Sun Exchange powers solar projects at schools such as Sacred Heart College in Johannesburg
London CNN Business  — 

Imagine living in drizzly London or icy Montreal but making money from the sun shining in Cape Town.

That’s the premise behind Sun Exchange. It sells solar cells (the parts which make up a solar panel) to online buyers around the world and leases them to schools and businesses in South Africa. The buyers then receive monthly payments based on how much electricity is used.

Abraham Cambridge, the startup’s founder, had the idea when he moved to South Africa in 2014 to work as a solar engineering consultant, after six years running a solar installation company in his native UK.

“When I got here, I realized there were no solar panels on any of the roofs,” says Cambridge.

He says one reason is that the country doesn’t offer the same kind of subsidies to install solar power that are available in Europe and the U.S. “There’s this huge funding gap for commercial and industrial-scale power plants,” he says.

Sun Exchange hopes to close that solar funding gap and connect people to clean energy.

After two years developing Sun Exchange in his spare time, Cambridge quit his day job and used crowdfunding to help raise money for a prototype website, and then a pilot project – a 15 kW solar plant for The Stellenbosch Waldorf School, which launched in April 2016.

“Ten years ago, the only option of owning solar panels was to own a whole system on your roof and that’s a very high barrier to entry,” Cambridge says. “It makes owning a solar panel something that’s no longer reserved for the upper middle class, but something that is accessible to everybody.”

How it works

Once Sun Exchange approves an installation project, it offers individual cells for sale through its online marketplace at about $6 each. After all the cells for a project are sold, the entire system is installed. Cell owners then are due to receive monthly rental payments from Sun Exchange for the lease period of 20 years.

Sun Exchange hopes to connect people to clean energy by providing solar funding

Buyers can expect to earn an average income of about 10% of their total investment a year during the 20-year lease period, although this varies from project to project and may change over time, Cambridge says.

With Sun Exchange, schools and other solar power users pay as they go for the energy they use. The rates are typically lower too, according to Sun Exchange.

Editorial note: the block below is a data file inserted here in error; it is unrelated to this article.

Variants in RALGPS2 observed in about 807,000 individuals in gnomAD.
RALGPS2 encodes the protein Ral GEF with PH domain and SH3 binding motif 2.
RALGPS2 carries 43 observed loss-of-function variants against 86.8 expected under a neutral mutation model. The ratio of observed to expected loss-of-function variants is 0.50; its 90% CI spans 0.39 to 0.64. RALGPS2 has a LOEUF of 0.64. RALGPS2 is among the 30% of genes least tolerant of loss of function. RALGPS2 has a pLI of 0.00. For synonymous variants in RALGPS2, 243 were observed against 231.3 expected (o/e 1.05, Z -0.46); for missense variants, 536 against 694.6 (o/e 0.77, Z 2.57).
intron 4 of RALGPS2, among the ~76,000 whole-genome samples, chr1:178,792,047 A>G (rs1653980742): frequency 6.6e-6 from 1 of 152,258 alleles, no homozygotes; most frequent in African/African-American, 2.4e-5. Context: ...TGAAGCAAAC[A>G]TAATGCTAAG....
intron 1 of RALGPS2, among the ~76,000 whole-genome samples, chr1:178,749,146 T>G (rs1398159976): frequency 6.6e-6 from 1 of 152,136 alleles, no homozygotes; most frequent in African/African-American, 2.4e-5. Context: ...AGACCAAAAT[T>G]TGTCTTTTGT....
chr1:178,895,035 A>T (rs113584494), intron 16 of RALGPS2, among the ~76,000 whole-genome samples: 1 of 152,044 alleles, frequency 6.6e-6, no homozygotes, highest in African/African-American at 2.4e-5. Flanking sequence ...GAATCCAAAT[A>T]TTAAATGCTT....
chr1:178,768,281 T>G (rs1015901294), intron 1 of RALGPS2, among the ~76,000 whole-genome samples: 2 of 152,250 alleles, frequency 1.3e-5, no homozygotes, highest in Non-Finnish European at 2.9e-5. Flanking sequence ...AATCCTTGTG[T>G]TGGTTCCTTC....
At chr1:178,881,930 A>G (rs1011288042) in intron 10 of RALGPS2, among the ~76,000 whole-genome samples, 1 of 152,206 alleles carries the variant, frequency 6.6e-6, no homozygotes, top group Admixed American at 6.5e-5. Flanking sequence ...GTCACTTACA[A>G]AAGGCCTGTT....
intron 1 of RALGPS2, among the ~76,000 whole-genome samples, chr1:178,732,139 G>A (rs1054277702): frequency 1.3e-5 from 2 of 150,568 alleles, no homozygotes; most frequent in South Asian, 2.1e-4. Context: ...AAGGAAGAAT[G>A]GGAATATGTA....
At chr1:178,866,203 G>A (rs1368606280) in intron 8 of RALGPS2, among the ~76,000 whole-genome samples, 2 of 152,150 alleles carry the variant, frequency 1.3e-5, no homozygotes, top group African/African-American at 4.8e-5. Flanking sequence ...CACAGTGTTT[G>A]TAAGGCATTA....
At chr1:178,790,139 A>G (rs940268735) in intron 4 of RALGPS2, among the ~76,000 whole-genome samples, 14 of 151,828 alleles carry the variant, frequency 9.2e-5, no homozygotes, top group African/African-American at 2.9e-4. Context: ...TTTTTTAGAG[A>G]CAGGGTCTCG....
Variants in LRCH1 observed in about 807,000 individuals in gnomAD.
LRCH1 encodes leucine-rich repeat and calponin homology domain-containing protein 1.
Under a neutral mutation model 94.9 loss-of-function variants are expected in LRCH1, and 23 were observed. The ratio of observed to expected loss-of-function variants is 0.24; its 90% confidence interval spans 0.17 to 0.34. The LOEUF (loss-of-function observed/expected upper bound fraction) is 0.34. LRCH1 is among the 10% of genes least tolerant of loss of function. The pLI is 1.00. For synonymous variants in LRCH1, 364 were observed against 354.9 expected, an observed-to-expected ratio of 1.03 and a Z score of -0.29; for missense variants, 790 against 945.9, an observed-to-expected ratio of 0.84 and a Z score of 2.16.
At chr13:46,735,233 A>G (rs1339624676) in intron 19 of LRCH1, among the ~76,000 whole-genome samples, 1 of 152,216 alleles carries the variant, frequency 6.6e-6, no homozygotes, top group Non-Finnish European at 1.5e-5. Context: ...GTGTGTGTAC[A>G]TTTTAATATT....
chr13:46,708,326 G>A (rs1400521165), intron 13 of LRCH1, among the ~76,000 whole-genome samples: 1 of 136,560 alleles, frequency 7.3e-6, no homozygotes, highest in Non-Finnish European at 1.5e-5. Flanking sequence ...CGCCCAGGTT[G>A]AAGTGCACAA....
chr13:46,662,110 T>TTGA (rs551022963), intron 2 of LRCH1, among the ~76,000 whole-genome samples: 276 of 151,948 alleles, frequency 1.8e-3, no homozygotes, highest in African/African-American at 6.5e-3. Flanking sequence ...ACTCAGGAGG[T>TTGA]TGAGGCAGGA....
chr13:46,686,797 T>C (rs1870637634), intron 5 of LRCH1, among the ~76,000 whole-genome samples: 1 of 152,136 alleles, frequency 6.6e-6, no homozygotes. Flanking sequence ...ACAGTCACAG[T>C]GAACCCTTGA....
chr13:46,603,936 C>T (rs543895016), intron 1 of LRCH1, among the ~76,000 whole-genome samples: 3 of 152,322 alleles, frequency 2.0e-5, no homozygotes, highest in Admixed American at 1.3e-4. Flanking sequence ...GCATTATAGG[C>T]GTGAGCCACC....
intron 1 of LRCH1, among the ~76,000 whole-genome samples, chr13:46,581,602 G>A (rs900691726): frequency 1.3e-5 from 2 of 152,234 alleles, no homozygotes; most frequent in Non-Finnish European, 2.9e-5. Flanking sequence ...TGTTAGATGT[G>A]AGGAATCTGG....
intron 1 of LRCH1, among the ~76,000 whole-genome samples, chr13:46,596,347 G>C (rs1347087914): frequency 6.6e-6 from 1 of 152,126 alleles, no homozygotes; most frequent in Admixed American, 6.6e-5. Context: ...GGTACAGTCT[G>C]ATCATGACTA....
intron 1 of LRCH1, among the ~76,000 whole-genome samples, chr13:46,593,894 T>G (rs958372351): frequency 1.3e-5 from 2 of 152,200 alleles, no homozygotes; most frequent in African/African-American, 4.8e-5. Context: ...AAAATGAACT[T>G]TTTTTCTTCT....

“The whole point of this is it gives things like schools immediate access to lower-cost clean energy,” says Cambridge. “And without them having to pay a penny upfront.”

More than 9,000 people in 145 countries are now signed up to Sun Exchange as buyers or leasers on its platform, the company says. Its 580,000 solar cells power over 1 megawatt of solar panels at 14 locations, including schools, supermarkets and a wildlife center.

Last year, the company generated more than $700,000 in revenue. The company makes money by adding a percentage onto the cost of each cell. It also charges the projects using the solar power a service fee of 10% to 20% of gross lease payments.

Accessible investing – and divesting

Solar cell owners can be paid in South African Rand or even bitcoin. “We’ve got a truly global user base purely because of the financial system we’re using,” says Cambridge.

7,344 solar cells are provided by Sun Exchange on the roofs of Protea Heights Academy in Cape Town.

In 2017 and 2018, Sun Exchange received over $1.4 million in seed funding. Currently, the startup is running a crowdfunding campaign on Uprise.Africa, where people can buy equity in the company so it can expand to other countries in Africa, such as Ghana, Kenya and Tanzania. So far, it has raised over $100,000 of a $467,000 target.

People who want to divest their money away from fossil fuels are helping make Sun Exchange more popular, Cambridge says.

Currently, about 77% of South Africa’s primary energy needs are provided by coal, according to the South African Department of Energy.

“South Africa is warming at twice the global average with regards to climate change,” says Cambridge. “There’s children in the schools that are very aware of what’s going on. They don’t want their world to be powered by coal, they want to be going solar.”

Correction: An earlier version of this article included incorrect information on Sun Exchange's revenue, seed funding and projected returns for solar cell buyers.